comix museum 88 224.
(photo credit: )
If early 19th-century novelist James Kirke's declaration that "a picture paints a thousand words" is anything to go by, the new caricature museum in Holon must be worth several weighty tomes.
The Holon Israeli Caricature and Comics Museum opened its doors to the public last week, and an exhibition of caricatures depicting events from the last year inaugurated the event. While the country boasts a wide range of museums, there has never been an institution devoted specifically to the comedic-satirical art form.
If anyone has the experience and track record on both sides of the media divide to run such an establishment and provide a learned overview of the caricature's standing in contemporary Israeli society, it is Dan Patir. Patir's experience includes a long career as a journalist and a subsequent job serving as a media adviser to Yitzhak Rabin, both during the latter's 1968-70 term as ambassador to Washington and in his first tenure as prime minister between 1974 and 1977. Patir crossed the political tracks when he retained the post in the service of Menachem Begin between 1977 and 1981.
"I asked Begin whether he was concerned I might be a spy, having worked with a Labor prime minister," Patir recalls, "but he said he wasn't worried. He wanted me to stay on in the post because I was a professional."
Now Patir takes some of that professionalism with him in his new role as curator and artistic director of the museum.
Caricatures over the ages have provided a unique outlet for expressing ideas and opinions in definitively graphic, and sometimes stark, fashion. While we may believe contemporary media are far more audacious than in ostensibly more genteel past times, one only has to take a look at some of the caricatures that found their way onto the pages of Punch magazine - a British publication which ran from 1841 to 2002. A late 19th-century edition of Punch, for example, proffers biting sardonic humor about the political situation in the UK that goes for the jugular with the passion of a Rottweiler.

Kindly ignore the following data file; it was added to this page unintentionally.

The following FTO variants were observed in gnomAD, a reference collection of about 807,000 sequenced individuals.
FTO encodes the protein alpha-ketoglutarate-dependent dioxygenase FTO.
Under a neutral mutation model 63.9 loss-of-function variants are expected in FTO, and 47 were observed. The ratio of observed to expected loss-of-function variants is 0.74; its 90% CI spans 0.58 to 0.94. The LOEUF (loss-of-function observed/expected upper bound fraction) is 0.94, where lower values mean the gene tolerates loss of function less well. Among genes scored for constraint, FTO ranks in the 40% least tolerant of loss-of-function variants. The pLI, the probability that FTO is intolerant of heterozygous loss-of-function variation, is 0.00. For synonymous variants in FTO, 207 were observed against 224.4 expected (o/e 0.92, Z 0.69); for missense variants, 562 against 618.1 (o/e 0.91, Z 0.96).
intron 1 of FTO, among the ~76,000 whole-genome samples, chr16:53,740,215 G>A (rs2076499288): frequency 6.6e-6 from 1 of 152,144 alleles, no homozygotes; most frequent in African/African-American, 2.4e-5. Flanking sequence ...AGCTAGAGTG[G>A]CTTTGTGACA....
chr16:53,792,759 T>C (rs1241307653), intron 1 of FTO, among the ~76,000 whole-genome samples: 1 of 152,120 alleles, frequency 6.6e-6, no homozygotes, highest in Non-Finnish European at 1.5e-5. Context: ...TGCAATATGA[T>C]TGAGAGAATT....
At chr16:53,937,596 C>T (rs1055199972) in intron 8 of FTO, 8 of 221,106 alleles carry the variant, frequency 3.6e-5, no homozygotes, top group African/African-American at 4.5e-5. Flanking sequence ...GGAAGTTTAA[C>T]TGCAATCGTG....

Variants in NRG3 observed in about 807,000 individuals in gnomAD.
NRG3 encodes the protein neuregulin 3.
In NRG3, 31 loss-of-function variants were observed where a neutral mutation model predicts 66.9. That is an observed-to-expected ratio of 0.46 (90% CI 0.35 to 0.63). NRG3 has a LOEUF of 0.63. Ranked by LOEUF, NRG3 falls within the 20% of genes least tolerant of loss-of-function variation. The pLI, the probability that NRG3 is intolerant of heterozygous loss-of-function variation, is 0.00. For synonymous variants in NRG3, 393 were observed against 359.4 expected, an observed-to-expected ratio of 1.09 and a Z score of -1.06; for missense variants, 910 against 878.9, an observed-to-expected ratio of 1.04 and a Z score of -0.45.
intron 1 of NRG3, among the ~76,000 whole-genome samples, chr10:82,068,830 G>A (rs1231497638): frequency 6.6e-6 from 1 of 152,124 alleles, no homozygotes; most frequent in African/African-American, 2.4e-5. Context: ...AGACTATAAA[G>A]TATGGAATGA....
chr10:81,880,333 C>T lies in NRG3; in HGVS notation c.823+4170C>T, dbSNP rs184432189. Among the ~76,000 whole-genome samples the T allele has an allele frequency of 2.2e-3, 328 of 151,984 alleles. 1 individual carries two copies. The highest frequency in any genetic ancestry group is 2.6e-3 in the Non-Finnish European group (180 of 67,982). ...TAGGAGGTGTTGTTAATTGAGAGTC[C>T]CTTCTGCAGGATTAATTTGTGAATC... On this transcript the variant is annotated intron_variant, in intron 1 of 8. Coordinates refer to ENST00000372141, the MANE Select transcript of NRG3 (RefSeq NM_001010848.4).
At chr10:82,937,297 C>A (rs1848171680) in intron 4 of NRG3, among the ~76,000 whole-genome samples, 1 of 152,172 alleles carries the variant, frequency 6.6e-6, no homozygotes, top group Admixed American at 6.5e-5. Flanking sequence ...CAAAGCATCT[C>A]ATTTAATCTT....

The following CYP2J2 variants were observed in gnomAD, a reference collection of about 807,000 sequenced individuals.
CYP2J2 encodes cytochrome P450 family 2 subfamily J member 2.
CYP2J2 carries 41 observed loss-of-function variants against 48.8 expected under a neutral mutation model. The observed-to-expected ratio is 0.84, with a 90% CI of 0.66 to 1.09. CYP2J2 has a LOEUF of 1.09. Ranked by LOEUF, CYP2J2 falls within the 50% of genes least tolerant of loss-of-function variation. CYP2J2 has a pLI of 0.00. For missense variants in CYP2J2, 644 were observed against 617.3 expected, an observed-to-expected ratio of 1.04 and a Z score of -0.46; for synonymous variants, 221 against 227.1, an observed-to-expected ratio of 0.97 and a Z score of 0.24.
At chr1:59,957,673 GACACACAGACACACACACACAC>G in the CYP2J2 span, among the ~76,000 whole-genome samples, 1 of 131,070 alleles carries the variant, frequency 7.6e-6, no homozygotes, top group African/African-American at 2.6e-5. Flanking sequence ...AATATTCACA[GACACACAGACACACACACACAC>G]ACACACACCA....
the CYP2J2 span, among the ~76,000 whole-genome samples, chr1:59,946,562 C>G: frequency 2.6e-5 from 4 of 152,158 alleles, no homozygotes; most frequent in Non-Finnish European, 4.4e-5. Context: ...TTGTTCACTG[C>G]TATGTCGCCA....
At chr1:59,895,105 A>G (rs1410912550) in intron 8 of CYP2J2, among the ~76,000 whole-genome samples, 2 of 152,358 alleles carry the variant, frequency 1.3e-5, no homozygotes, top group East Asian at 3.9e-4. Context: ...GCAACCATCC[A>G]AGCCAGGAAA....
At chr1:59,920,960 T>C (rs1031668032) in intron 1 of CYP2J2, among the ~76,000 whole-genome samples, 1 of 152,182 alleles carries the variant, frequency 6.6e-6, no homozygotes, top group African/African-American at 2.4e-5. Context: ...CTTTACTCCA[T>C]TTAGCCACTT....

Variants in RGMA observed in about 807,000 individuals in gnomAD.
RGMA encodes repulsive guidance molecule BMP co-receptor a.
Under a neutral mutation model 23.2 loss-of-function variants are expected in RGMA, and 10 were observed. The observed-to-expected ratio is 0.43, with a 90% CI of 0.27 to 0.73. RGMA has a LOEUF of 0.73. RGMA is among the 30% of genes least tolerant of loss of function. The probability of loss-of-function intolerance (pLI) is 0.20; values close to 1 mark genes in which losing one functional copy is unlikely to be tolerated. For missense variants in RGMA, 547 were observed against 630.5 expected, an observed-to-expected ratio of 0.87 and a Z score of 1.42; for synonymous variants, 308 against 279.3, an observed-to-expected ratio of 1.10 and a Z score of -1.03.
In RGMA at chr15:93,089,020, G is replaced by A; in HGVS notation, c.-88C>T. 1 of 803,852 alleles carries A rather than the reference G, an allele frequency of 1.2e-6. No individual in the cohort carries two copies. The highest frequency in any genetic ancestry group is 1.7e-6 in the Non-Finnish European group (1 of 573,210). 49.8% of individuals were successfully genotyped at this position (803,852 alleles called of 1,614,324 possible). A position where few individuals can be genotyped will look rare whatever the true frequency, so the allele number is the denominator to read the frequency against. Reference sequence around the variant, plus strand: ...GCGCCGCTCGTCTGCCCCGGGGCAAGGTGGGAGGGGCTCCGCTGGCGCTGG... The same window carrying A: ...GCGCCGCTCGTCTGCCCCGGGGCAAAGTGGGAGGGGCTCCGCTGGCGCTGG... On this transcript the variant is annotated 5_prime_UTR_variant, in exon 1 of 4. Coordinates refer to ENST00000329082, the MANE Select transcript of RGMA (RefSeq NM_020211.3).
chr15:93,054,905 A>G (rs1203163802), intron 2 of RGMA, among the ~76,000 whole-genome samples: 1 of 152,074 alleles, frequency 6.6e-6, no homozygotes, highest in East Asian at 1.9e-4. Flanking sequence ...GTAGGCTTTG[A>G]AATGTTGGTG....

"Yes, caricatures have provided an outlet for strong expression about all sorts of things for a long time," observes Patir, citing an example from close to home. "During the British Mandate here the British censured a lot of publications, but they didn't do that much with caricatures. The caricatures often conveyed an idea subtly which the censors found hard to grasp, so they got through unscathed. Caricatures were a powerful tool in the struggle against the Mandate."
The subject matter addressed was varied. "Back then, they documented current affairs, like during the troubles of 1929 and the 1930s, the British White Paper on Palestine, or the Jewish underground movements. Caricatures were a prominent feature in those days, but there was less humor, and there was no political correctness. For example, the squabbles strife between the IZL and the Hagana were depicted in caricature form in a very basic manner."
Patir cites the work of leading caricaturists such as Shmulik Katz, Amos Biederman, Shlomo Cohen, Michel Kishka and the Jerusalem Post's Meir Ronnen. "I like what Mike [Ronnen] does, and some of the younger guys like Uri Fink," Patir says adding, though, there is less opportunity today for caricaturists to publish their work on a day to day basis. "Up to the 1960s there was one caricature in all the major dailies, and there were a lot more dailies back then. The caricatures always appeared prominently, on page 2 or even on the front page."
Caricatures, Patir notes, have also traditionally been exploited for propaganda purposes. "We dropped leaflets over Lebanon, against Hizbullah, in the last war, but caricatures are also used in a very coarse manner. To this day, you find caricatures in publications in Arab countries which depict the stereotype image of the Jew with a beard and prominent nose. This October, for example, the Algomhuriah newspaper in Egypt ran a caricature with a Jew with blood on his hands leading Uncle Sam down a garden path. And Arai, in Qatar, recently ran a caricature of a fat Jewish chef with a Magen David on his hat trying to cut meat on a table. The meat was depicted as a Palestinian and the chef was preparing a feast for the Annapolis peace talks."
There have been, however, some sacred cows which even caricaturists did not touch. "Golda Meir was not caricatured while she was prime minister, and Rabin was mostly considered untouchable during his first term in office. But Golda became the butt of caricatures as soon as she resigned."
Next year, the Holon museum will hold an exhibition of caricatures from the first 60 years of the state, and eventually all the major caricature collections will be transferred to the museum's archives.
For more information about the museum, go to: www.cartoonmuseum.org.il
Join Jerusalem Post Premium Plus now for just $5 and upgrade your experience with an ads-free website and exclusive content. Click here>>